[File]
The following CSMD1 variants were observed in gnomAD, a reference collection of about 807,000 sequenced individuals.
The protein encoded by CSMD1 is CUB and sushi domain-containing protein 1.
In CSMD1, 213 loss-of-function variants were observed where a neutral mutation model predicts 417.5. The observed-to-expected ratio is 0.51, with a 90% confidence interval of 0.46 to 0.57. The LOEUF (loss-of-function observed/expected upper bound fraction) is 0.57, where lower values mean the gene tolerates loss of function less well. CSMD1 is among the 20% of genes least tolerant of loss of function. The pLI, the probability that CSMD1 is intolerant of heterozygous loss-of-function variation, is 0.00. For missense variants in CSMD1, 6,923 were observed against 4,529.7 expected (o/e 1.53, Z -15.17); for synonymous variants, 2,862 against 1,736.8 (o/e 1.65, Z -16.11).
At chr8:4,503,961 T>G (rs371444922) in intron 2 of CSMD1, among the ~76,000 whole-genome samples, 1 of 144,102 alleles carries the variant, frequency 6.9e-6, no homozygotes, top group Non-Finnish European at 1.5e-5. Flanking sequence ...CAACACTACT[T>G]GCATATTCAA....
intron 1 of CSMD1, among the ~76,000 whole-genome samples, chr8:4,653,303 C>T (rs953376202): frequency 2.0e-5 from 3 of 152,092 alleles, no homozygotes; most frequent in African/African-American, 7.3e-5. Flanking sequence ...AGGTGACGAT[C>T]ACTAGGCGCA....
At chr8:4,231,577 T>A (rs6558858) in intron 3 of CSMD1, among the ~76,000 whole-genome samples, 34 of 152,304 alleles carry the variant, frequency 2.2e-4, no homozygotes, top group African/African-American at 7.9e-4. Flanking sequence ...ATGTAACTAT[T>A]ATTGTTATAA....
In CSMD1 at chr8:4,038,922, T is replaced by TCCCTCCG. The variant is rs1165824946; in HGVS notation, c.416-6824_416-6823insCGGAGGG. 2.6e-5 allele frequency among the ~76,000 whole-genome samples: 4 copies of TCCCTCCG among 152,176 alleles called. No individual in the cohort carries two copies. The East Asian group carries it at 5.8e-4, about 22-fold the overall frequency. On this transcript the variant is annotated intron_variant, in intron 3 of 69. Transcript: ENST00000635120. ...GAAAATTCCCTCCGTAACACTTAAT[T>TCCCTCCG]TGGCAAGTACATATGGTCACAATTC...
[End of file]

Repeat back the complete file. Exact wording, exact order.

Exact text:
The following CSMD1 variants were observed in gnomAD, a reference collection of about 807,000 sequenced individuals.
The protein encoded by CSMD1 is CUB and sushi domain-containing protein 1.
In CSMD1, 213 loss-of-function variants were observed where a neutral mutation model predicts 417.5. The observed-to-expected ratio is 0.51, with a 90% confidence interval of 0.46 to 0.57. The LOEUF (loss-of-function observed/expected upper bound fraction) is 0.57, where lower values mean the gene tolerates loss of function less well. CSMD1 is among the 20% of genes least tolerant of loss of function. The pLI, the probability that CSMD1 is intolerant of heterozygous loss-of-function variation, is 0.00. For missense variants in CSMD1, 6,923 were observed against 4,529.7 expected (o/e 1.53, Z -15.17); for synonymous variants, 2,862 against 1,736.8 (o/e 1.65, Z -16.11).
At chr8:4,503,961 T>G (rs371444922) in intron 2 of CSMD1, among the ~76,000 whole-genome samples, 1 of 144,102 alleles carries the variant, frequency 6.9e-6, no homozygotes, top group Non-Finnish European at 1.5e-5. Flanking sequence ...CAACACTACT[T>G]GCATATTCAA....
intron 1 of CSMD1, among the ~76,000 whole-genome samples, chr8:4,653,303 C>T (rs953376202): frequency 2.0e-5 from 3 of 152,092 alleles, no homozygotes; most frequent in African/African-American, 7.3e-5. Flanking sequence ...AGGTGACGAT[C>T]ACTAGGCGCA....
At chr8:4,231,577 T>A (rs6558858) in intron 3 of CSMD1, among the ~76,000 whole-genome samples, 34 of 152,304 alleles carry the variant, frequency 2.2e-4, no homozygotes, top group African/African-American at 7.9e-4. Flanking sequence ...ATGTAACTAT[T>A]ATTGTTATAA....
In CSMD1 at chr8:4,038,922, T is replaced by TCCCTCCG. The variant is rs1165824946; in HGVS notation, c.416-6824_416-6823insCGGAGGG. 2.6e-5 allele frequency among the ~76,000 whole-genome samples: 4 copies of TCCCTCCG among 152,176 alleles called. No individual in the cohort carries two copies. The East Asian group carries it at 5.8e-4, about 22-fold the overall frequency. On this transcript the variant is annotated intron_variant, in intron 3 of 69. Transcript: ENST00000635120. ...GAAAATTCCCTCCGTAACACTTAAT[T>TCCCTCCG]TGGCAAGTACATATGGTCACAATTC...